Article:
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York City schools prepare for influx of Thackston students
As York City School District prepares to welcome hundreds of new students transferring from the recently closed Helen Thackston Charter School, the focus is on keeping class sizes down.
The district could have potentially had about 500 incoming students from the charter, which closed at the end of the 2017-18 school year following a legal battle over its incomplete audit reports.
District spokeswoman Erin James estimated about 260 new students are expected for the high school and 75 for the eight K-8 schools.
But that number is subject to change, said school board Vice President Michael Miller, based on factors such as families moving in and out of the city.
"We don't want to jump the gun and start moving people around or coming to the board and asking for additional positions until we know what we actually have," Superintendent Eric Holmes said at the board's planning meeting Monday, Aug. 6.
The board approved 27 newly hired teachers and a social worker for the high school as well as other new staff hires at a special meeting before the planning meeting.
Board President Margie Orr said a certain amount of turnover is normal but that since the majority of Thackston students will be going to William Penn Senior High School, the district did have to hire more teachers and staff there.
A total of eight new teachers will be starting at the high school this fall.
There's a lot of room in the high school, Miller said. The middle school students, however, could put strain on class sizes.
Within the first 10 days of the school year, the district is able to drop students from the roster who don't show up, but only a few classrooms are a concern, Holmes said.
"We're not looking at anything that's too large," he said.
Goode and Hannah Penn K-8 schools have a couple of classrooms that have more than 30 students. All of the other K-8 schools are averaging 10-12 new students, but those two got about 20 each, Holmes said.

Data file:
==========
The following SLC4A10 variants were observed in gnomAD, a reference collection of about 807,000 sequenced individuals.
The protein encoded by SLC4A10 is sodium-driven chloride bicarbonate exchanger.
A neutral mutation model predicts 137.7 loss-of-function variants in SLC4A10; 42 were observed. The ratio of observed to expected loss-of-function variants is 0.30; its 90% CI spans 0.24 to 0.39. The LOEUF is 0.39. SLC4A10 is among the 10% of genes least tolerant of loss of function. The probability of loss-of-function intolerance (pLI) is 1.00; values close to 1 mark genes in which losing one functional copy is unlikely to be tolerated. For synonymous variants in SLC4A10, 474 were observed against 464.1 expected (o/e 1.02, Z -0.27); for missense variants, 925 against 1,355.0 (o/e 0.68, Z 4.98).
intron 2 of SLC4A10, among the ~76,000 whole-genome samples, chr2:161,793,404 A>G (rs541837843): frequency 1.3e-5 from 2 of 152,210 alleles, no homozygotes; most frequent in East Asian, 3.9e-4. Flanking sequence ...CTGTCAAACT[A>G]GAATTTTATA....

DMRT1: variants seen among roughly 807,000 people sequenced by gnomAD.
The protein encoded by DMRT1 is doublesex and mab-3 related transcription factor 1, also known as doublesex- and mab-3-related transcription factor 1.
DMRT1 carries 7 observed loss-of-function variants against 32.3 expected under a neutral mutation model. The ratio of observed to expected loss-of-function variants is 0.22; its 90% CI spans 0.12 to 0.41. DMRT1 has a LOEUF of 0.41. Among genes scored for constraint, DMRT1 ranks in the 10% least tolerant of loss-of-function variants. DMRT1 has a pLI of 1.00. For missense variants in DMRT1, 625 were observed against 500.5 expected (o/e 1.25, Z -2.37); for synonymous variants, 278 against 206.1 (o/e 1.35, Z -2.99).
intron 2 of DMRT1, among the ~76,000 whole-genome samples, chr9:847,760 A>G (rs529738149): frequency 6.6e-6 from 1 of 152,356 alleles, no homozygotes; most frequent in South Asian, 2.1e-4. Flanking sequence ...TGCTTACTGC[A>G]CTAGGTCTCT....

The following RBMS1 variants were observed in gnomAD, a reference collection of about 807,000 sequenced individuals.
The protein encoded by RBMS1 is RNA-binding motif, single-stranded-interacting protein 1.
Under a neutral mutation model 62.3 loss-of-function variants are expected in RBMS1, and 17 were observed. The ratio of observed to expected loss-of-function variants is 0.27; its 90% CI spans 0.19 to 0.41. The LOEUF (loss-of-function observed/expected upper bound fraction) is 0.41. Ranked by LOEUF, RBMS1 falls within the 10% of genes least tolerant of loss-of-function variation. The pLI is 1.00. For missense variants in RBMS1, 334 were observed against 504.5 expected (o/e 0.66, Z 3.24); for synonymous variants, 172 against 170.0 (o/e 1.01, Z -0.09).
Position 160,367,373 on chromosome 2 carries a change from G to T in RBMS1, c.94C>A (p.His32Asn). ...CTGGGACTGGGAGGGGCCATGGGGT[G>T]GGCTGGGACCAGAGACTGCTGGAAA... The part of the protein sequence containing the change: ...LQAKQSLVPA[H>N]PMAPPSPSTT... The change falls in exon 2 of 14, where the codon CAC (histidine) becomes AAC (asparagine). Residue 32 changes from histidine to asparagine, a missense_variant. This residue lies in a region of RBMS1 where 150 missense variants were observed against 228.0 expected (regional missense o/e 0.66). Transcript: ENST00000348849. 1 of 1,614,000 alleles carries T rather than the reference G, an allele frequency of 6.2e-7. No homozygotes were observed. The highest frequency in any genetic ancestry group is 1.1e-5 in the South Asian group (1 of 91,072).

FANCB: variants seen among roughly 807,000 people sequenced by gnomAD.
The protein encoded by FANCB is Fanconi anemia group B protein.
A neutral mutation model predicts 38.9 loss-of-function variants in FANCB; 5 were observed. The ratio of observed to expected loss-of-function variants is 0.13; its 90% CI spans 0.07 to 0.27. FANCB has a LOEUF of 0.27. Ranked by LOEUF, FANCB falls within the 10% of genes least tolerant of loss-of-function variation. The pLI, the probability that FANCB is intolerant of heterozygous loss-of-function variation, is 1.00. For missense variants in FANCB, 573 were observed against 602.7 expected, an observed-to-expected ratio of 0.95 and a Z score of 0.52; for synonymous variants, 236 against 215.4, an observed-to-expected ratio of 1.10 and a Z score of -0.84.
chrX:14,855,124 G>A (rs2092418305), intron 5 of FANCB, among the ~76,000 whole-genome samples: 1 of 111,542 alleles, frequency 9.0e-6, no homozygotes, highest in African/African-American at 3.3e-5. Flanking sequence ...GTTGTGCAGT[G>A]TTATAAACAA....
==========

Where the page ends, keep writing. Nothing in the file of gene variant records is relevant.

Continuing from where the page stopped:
If necessary, the district will first look to collapse classes within those schools and then in other buildings in the district, he said. But if the students cannot be accommodated within the district, the decision will come back to the board to hire more teachers.
Holmes said a couple of positions are on reserve to account for the Thackston middle school students, but he said, "I don't want to use them unless I absolutely have to."
Funding: One benefit of the added students is funding that formerly went to the charter will go back to the district.
Orr said the district will not receive any more funding from the state than it would have if the charter had stayed open, but since the district no longer has to fund Thackston, that money will stay with the district.
Before the charter's closure, the district had to cut its after-school program because there was not enough room in the budget, and now it's "back on track," Orr said.
The program will resume in the upcoming school year, and the district will be able to bring back other classes, such as French, as well.
Other new offerings in the district this year are the public safety and emergency services program providing training and certifications in a number of disciplines, and the addition of ninth grade to the district's STEAM Academy — which already has a wait list of 200 for the sixth-grade class, according to assistant superintendent Andrea Berry.
The first day of school for grades 1-12 is Monday, Aug. 20.